The opinion of the court was delivered by: DUFFY
In these days of containerized shipments moving from port-to-port and thence overland, the question of the applicability of the limitation of liability provided for in the Carriage of Goods by Sea Act ("COGSA") to the overland portion of the trip is one which has to fascinate all who are involved in admiralty law. But this case will not provide the resolution to the deep and difficult policy questions involved therein.
The facts, as agreed to among the parties, are as follows. Plaintiff Asahi America, Inc. ("Asahi") purchased a shipment of six "house to house" containers holding pallets of plumbing valves and one container of pallets of pipe fittings. Agreed Statement of Facts P6. Plaintiff's cargo was shipped on the "M/V Arild Maersk" pursuant to a Bill of Lading dated February 5, 1981. Id. The ships Bill of Lading indicated that the destination of the shipment was "Boston C.Y." Agreed Statement of Facts, Exh. 1 (The "port of discharge" listed is New York but the "place of delivery" listed is "Boston C.Y."). The "M/V Arild Maersk" arrived at Port Newark on approximately February 28, 1981 and the containers were discharged. Id. P 8. Local agents for Maersk Line, defendant and third-party plaintiff, Moller Steamship Co., Inc. ("Moller") arranged with third-party defendant William McCullough Transportation Co., Inc. ("McCullough") for overland transportation to the Boston terminal and an inland Bill of Lading was issued. See id.
On March 3, 1983, Rosario Carbone, an owner of and the driver for McCullough picked up one of the containers (No. MAEU-2116764) from a pier in Newark for transportation to Boston. After receiving the container, Carbone drove from Newark to Queens. He left the container overnight on the chassis with the cab attached on a local Queens street. Id. P 10. On March 4, 1984, at 5:15 a.m., Carbone reported the theft of the container and cab to the 114th precinct in Queens. Id. P 11. More than an hour earlier, at approximately 4:00 a.m., the police had been called to investigate an accident on the Bruckner Expressway in the Bronx. Id. P 12. The police discovered the cargo container resting on its side in the median between the Northbound and Southbound Lanes of the Lower Bruckner Expressway. Id. The container had been torn apart and separated from the chassis which was no longer at the site. Id. The cargo was found strewn along the median for sixty feet. Only eight pallets were found intact. Id. Arrangements were made to forward to Boston the recoverable material, id. P 13, and surveys were performed, id. P 14.
The parties agree that if plaintiff's recovery from McCullough is limited to $500.00 per package, plaintiff is entitled to $22,500.00 for forty-five pallets. If plaintiff's loss is not so limited, the parties have not stipulated to what the actual loss is.
McCullough argues that the $500.00 per package limitation applies to it because as a subcontractor of Maersk Line, it is accorded the benefit of the COGSA's limitation which is incorporated by reference into the ocean Bill of Lading. McCullough argues alternatively that because it is merely a third-party defendant, it is liable only to the extent that the defendant is found liable. Both of McCullough's arguments, however, lead to the inescapable conclusion that McCullough is liable ultimately for plaintiff's actual loss.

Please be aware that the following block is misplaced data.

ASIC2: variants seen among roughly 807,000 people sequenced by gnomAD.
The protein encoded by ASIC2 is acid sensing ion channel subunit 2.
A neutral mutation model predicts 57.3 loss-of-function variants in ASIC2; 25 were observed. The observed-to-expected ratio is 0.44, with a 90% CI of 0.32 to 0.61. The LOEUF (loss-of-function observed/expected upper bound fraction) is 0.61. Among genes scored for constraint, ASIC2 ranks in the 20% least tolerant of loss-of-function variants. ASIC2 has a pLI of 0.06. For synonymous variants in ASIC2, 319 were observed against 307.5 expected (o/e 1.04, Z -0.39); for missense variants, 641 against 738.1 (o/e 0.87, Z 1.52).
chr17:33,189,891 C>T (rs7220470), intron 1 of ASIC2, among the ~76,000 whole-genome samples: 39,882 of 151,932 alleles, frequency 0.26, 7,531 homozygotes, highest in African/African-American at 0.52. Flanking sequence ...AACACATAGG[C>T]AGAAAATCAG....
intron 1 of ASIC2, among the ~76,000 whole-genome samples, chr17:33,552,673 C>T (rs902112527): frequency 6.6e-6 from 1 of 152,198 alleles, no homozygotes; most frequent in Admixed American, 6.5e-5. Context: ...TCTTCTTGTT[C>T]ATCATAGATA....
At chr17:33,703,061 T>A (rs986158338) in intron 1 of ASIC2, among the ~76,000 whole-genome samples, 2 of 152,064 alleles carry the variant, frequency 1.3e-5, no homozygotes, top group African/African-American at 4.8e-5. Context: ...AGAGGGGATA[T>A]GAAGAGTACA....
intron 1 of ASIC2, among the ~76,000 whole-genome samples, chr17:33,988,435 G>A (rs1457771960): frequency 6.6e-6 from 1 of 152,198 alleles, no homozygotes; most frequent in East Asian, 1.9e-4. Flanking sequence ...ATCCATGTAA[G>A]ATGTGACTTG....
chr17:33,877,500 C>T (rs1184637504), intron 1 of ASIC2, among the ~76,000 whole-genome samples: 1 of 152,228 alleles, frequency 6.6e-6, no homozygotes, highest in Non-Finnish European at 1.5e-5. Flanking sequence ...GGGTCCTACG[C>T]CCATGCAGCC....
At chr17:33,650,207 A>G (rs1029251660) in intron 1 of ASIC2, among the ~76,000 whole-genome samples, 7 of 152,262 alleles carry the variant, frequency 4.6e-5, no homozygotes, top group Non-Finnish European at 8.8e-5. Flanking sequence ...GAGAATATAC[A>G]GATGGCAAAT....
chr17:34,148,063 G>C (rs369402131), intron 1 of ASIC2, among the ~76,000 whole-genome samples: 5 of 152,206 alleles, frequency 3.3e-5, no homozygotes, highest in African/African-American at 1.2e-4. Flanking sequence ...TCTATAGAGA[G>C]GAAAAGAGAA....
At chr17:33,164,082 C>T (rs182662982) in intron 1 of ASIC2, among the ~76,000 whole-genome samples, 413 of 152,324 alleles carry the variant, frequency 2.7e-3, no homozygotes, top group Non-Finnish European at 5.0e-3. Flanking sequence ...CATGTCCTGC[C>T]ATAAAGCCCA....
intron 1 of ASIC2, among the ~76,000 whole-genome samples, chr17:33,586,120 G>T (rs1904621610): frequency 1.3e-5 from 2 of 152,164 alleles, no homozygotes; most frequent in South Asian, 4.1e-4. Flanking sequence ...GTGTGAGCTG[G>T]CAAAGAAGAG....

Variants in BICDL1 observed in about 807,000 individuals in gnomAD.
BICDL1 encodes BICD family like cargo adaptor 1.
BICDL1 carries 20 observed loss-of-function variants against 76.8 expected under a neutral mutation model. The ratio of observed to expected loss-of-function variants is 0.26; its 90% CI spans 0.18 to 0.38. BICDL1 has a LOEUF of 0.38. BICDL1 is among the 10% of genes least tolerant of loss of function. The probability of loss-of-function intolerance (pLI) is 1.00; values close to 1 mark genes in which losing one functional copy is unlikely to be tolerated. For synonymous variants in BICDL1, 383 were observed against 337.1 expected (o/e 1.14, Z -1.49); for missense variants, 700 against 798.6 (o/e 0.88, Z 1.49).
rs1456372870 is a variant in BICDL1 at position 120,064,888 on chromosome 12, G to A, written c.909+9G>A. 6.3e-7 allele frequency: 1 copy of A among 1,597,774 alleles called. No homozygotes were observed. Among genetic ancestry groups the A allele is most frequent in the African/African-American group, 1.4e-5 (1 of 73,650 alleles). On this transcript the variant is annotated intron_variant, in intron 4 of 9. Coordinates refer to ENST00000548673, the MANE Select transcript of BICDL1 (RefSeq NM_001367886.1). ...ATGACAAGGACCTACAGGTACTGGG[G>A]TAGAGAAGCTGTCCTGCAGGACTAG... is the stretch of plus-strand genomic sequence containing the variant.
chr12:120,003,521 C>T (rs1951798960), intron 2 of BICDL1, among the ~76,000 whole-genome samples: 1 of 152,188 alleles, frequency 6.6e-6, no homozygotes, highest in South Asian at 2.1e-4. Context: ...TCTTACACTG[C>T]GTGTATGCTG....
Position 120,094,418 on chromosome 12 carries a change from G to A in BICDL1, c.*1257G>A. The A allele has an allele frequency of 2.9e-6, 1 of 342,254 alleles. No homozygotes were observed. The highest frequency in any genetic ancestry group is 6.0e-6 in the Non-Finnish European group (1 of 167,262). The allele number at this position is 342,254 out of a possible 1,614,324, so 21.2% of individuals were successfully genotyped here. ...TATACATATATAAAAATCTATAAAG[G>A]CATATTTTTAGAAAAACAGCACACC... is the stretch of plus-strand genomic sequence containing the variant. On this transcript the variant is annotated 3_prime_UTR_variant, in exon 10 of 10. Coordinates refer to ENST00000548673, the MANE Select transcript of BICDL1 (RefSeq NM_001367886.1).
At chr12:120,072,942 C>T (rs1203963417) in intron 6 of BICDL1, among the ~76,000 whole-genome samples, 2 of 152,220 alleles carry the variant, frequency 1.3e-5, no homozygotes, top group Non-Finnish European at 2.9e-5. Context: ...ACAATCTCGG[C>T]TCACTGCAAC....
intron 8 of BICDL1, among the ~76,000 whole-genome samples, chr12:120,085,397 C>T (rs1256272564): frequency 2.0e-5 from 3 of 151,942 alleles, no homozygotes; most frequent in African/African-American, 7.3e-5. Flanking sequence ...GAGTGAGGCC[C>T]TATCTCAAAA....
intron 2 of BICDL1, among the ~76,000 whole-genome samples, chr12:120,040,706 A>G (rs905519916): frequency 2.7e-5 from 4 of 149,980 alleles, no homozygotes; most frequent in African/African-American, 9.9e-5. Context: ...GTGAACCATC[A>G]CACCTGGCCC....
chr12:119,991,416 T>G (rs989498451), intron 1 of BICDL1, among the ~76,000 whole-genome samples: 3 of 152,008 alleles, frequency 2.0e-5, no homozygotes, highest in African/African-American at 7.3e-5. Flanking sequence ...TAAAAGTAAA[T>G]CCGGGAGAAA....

If COGSA does apply McCullough's trip, it applies in its entirety; the deviation provision as well as the limitation provision would necessarily have to be applied. Thus, assuming arguendo that a per package limitation is applicable, McCullough's overnight deviation to Queens, which I find to be totally unreasonable, would vitiate the effect of such limitation. See General Electric Co. v. S.S. Nancy Lykes, 706 F.2d 80, 84-86 (2d Cir. 1983) (deviation is unreasonable when it "substantially increases the exposure of cargo to forseeable dangers that would have been avoided had no deviation occurred").
Furthermore, if COGSA does not apply to the inland transportation leg of the trip to Boston, then through the application of either state law or the Interstate Commerce Act, McCullough would be nonetheless liable to plaintiff for its actual loss. Thus, under the circumstances of this case, I need not reach the issue of whether COGSA's limitation would apply to the overland portion of the shipment of plaintiff's goods.
I note also that there is no merit to McCullough's argument that its liability is limited to $500.00 per package because Maersk's liability is so limited and Maersk's action against McCullough is for indemnification. Maersk's liability, however, is not limited under COGSA, as McCullough's deviation is imputable to Maersk. It is stipulated that Maersk arranged for inland shipment by McCullough. McCullough is clearly the sub-contractor of or agent for Maersk as plaintiff contracted only with Maersk for delivery in Boston. See Agrico Chemical Co. v. S.S. Atlantic Forest, 459 F. Supp. 638, 647 (E.D. La. 1978), aff'd, 620 F.2d 487 (5th Cir. 1980).
Accordingly, I conclude that plaintiff is entitled to recover an amount equal to its actual loss without the application of COGSA's limitation. Plaintiff's damages shall be fixed by Magistrate Grubin after inquest.
No. 83 Cr. Misc. 1, p.22-CLB
UNITED STATES DISTRICT COURT SOUTHERN DISTRICT OF NEW YORK